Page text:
PELRINE, R., KORNBLUH, R., PEI, Q. AND JOSEPH, J. (2000) High — Speed Electrically Actuated Elastomers with Strain greater than 100%. Science, 287, 836–839.CrossRefGoogle Scholar
  16. 16.
    PELRINE, R., KORNBLUH, R., JOSEPH, J., HEYDT, R., PEI, Q. AND CHIBA, S. (2000) High — Field Deformation of Elastomeric Dielectrics for Actuators. Mater. Sci. Eng. C, 11, 89–100.CrossRefGoogle Scholar
  17. 17.
    GUIFFARD, B., SEVEYRAT, L., SEBALD, G. AND GUYOMAR, D. (2006) Enhanced Electric Field — Induced Strain in Non — Percolative Carbon Nanopowder/ Polyurethane Composites. J. Phys. D Appl. Phys., 39, 3053–3057.CrossRefGoogle Scholar
  18. 18.
    ZHANG, S., ZHANG, N., HUANG, C., REN, K. AND ZHANG, Q. (2005) Microstructure and Electromechanical Properties of Carbon Nanotube/Poly(vinylidene fluoridetrifluoroethylene — chlorofluoroethylene) Composites. Adv. Mat., 17, 1897–1901.CrossRefGoogle Scholar
  19. 19.
    HUANG, C. AND ZHANG, Q. (2005) Fully Functionalized High — Dielectric Constant Nanophase Polymers with High Electromechanical Response. Adv. Mat., 17, 1153–1158.CrossRefGoogle Scholar
  20. 20.
    HUANG, C. AND ZHANG, Q. (2004) Enhanced Dielectric and Electromechanical Responses in High Dielectric Constant All — Polymer Percolative Composites. Adv. Funct. Mater., 14, 501–506.CrossRefGoogle Scholar
  21. 21.
    YONG, K. C. (2012) Electrically Conductive Poly(butadiene - co — acrylonitrile) — Polyaniline Dodecylbenzenesulfonate NBR — PAni.DBSA] Blends with Hydroquinone as Compatibiliser. J. Rubb. Res., 15(3), 153–166.Google Scholar
  22. 22.
    YONG, K. C. AND MT. SAAD, C. S. (2009) Novel Peroxide — Vulcanized NBR — PAni.DBSA] Blends, Part 1: Preparation & Characterization. J. Appl. Polym. Sci., 112, 3199–3208.CrossRefGoogle Scholar
  23. 23.
    YONG, K. C. (2012) Novel Peroxide — Vulcanized NBR — PAni.DBSA] Blends, Part 2: Effects of Conductive Filler Particles Alignment. J. Appl. Polym. Sci., 124(1), 729–739.CrossRefGoogle Scholar
  24. 24.
    YONG, K. C., FOOT, P. J. S., MORGAN, H., COOK, S. AND TINKER, A. J. (2006) ConductivePoly(butadiene-co-acrylonitrile) Polyaniline Dodecylbenzenesulfonate [NBR — PAni.DBSA] Blends prepared in Solution. Eur. Polym. J., 42, 1716–1727.CrossRefGoogle Scholar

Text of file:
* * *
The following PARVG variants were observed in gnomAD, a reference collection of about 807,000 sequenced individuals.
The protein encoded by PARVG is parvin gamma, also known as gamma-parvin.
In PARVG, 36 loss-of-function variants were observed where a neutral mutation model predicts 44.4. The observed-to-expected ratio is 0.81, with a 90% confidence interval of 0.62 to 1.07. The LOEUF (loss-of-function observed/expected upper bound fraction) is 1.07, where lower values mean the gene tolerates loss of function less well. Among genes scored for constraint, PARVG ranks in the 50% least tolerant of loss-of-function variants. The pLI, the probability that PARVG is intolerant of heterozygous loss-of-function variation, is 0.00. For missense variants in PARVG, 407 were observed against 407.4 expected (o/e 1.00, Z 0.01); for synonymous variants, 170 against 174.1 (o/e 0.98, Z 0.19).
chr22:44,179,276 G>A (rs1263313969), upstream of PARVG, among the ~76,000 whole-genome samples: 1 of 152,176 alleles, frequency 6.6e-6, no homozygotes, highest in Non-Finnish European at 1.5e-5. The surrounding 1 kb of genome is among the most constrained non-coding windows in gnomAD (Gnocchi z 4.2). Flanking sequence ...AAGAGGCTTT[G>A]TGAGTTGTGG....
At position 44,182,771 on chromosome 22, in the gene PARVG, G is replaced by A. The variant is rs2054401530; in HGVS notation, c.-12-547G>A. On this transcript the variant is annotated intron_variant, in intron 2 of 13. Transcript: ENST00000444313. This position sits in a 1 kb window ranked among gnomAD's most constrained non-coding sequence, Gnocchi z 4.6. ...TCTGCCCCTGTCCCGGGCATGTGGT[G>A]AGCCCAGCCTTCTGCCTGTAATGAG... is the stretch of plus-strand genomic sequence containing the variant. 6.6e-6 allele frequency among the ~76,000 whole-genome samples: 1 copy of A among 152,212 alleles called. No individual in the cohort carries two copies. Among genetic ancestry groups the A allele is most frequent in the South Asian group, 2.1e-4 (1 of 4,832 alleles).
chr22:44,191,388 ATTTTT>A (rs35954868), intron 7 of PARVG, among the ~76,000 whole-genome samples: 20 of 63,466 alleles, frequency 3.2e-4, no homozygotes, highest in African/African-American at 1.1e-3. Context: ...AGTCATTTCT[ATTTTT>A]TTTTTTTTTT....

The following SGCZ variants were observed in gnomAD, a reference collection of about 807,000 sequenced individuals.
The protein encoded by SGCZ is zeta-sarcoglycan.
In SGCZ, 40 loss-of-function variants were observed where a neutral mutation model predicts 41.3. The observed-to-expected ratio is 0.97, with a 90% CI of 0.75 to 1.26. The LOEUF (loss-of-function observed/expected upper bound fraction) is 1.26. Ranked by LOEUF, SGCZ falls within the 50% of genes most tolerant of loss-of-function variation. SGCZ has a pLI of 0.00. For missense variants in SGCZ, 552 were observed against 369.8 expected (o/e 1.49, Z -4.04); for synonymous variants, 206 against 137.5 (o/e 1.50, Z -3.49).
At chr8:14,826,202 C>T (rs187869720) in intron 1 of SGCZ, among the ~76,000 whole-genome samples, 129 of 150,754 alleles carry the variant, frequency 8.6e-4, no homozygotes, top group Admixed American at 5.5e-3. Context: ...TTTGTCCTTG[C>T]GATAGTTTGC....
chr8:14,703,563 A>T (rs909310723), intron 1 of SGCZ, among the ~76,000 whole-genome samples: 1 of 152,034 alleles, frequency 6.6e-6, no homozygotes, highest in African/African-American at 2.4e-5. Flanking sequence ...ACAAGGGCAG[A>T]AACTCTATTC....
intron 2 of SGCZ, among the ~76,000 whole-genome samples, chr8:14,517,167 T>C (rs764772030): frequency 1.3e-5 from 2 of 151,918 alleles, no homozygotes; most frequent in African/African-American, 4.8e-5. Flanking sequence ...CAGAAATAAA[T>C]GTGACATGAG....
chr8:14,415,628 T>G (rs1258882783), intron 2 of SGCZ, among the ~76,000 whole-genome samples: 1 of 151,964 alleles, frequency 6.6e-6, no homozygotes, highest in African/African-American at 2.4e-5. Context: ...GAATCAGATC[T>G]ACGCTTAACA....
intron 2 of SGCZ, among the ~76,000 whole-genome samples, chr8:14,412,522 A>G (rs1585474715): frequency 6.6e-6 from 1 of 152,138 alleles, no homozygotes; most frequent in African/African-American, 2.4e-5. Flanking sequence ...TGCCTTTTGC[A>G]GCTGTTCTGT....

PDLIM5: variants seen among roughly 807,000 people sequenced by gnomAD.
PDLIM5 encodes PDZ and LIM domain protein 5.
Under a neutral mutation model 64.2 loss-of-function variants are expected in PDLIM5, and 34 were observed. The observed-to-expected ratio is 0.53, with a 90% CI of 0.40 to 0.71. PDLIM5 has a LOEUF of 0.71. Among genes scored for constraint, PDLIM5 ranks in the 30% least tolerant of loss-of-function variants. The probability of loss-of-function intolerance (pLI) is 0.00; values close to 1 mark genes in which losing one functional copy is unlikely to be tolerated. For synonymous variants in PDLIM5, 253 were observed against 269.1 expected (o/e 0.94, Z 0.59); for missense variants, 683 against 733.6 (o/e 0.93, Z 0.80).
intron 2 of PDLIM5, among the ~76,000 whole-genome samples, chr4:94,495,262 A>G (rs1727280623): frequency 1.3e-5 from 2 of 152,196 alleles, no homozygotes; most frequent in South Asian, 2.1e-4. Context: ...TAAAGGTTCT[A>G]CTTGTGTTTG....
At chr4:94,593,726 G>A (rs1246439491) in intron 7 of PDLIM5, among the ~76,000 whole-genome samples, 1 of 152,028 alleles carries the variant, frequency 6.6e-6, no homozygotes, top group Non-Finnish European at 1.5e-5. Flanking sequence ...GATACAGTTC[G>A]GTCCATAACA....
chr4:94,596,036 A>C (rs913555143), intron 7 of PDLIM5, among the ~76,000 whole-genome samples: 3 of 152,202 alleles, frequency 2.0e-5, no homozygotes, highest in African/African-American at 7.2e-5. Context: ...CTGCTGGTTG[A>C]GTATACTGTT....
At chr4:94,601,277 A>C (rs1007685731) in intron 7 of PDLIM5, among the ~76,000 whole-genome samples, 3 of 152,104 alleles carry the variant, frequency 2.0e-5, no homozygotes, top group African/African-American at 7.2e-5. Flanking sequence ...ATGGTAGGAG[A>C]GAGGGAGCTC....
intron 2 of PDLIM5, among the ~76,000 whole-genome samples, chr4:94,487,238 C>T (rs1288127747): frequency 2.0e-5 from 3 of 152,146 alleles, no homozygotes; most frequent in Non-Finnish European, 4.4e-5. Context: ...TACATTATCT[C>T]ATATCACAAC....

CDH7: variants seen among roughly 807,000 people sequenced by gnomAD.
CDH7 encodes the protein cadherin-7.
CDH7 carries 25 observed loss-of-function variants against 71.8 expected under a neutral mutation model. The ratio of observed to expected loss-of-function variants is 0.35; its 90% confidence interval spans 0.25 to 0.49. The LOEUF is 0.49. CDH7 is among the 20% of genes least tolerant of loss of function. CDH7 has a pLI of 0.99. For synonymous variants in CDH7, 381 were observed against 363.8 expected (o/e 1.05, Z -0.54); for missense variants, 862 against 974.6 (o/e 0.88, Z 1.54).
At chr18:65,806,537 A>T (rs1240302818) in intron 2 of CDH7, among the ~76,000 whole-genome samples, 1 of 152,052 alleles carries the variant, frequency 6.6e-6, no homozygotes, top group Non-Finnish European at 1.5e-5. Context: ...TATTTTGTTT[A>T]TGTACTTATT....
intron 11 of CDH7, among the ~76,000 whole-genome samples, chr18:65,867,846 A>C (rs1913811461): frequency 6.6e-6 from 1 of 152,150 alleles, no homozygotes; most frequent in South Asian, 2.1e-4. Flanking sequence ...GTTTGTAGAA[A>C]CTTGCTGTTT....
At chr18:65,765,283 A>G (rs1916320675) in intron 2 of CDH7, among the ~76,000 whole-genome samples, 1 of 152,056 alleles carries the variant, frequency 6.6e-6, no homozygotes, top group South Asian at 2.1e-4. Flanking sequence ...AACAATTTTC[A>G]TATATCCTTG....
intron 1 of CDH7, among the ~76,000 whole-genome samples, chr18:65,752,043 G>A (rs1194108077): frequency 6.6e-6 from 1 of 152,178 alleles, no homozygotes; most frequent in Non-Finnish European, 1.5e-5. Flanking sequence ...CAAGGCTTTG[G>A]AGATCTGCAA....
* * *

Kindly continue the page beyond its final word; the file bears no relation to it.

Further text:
25. 25.
    YONG, K. C. AND MT SAAD, CHE SU. (2010) High Temperature — Mechanical Mixing to prepare Electrically Conductive Sulfur — Vulcanised Poly(butadiene co — acrylonitrile) — Polyaniline Dodecylbenzenesulfonate Blends. J. Rubb. Res., 13(1), 1–17.Google Scholar
  26. 26.
    YONG, K. C. (2013) NBR — PAni.DBSA Blends: Effect of Electron Beam Irradiation. Rubb. Chem. Technol., 86(1), 68–85.CrossRefGoogle Scholar
  27. 27.
    YONG, K. C. (2014) Poly(butadiene co — acrylonitrile) — Polyaniline Dodecylbenzenesulfonate [NBR — PAni.DBSA] Blends for Corrosion Inhibition of Carbon Steel. J. Rubb. Res., 17(4), 205–218.Google Scholar
  28. 28.
    YONG, K. C. (2016) Effect of Incorporating Ti02 on the Corrosion Inhibition Behaviour of Poly(butadiene — co — acrylonitrile) — Polyaniline Dodecylbenzenesulfonate [NBR — PAni.DBSA] Blends. J. Rubb. Res., 19(3), 190–201.Google Scholar
  29. 29.
    BRITISH STANDARDS INSTITUTION (2005) BS ISO 37. Rubber, Vulcanised or Thermoplastic — Determination of Tensile Stress — Strain Properties.Google Scholar
  30. 30.
    KIM, B., PARK, Y. D., KIM, J., HONG, S. M. AND KOO, C. M. (2010) Measuring True Electromechanical Strain of Electroactive Thermoplastic Elastomer Gels using Synchrotron SAXS. J. Polym. Sci. Pt. B Polym. Phys., 48, 2392–2398.CrossRefGoogle Scholar
  31. 31.
    GUILLOT, F. M., JARZYNSKI, J. AND E. BALIZER, E. (1998) Electromechanical Response of Polymer Films by Laser Doppler Vibrometry. J. Acoust. Soc. Am., 103, 1421–1427.CrossRefGoogle Scholar
  32. 32.
    PETCHAROEN, K. AND SIRIVAT, A. (2013) Electrostrictive Properties of Thermoplastic Polyurethane Elastomer: Effects of Urethane Type and Soft — Hard Segment Composition. CurrentAppl. Phys., 13, 1119–1127.Google Scholar
  33. 33.
    VALLIM, M. R., FELISBERTI, M. I. AND DE PAOLI, M. - A. (2000) Blends of Poly aniline with Nitrilic Rubber. J Appl. Polym. Sci., 75, 677–684.CrossRefGoogle Scholar
  34. 34.
    STAUFFER, D. (1985) Introduction to Percolation Theory, London: Taylor and Francis.CrossRefGoogle Scholar
  35. 35.
    KWAK, H. L., CHO, K., YU, S., BAEK, K. Y., LEE, J. C., HONG, S. M. AND KOO, C. M. (2012) Tunable Polymer Actuators via a Simple and Versatile Blending Approach. Sens. Actuators B Chem., 174, 547–554.CrossRefGoogle Scholar
  36. 36.
    BUTKEWITSCH, S AND SCHEINBEIM, J. (2006) Dielectric Properties of a Hydrated Sulfonated Poly(styrene — ethylene/butylene styrene) Triblock Copolymer. Appl. Surf. Sci, 252, 8277–8286.CrossRefGoogle Scholar

Copyright information

© The Malaysian Rubber Board 2018

Authors and Affiliations

  1. 1.Technology and Engineering Division, Rubber Research Institute of MalaysiaMalaysian Rubber BoardSelangorMalaysia

Personalised recommendations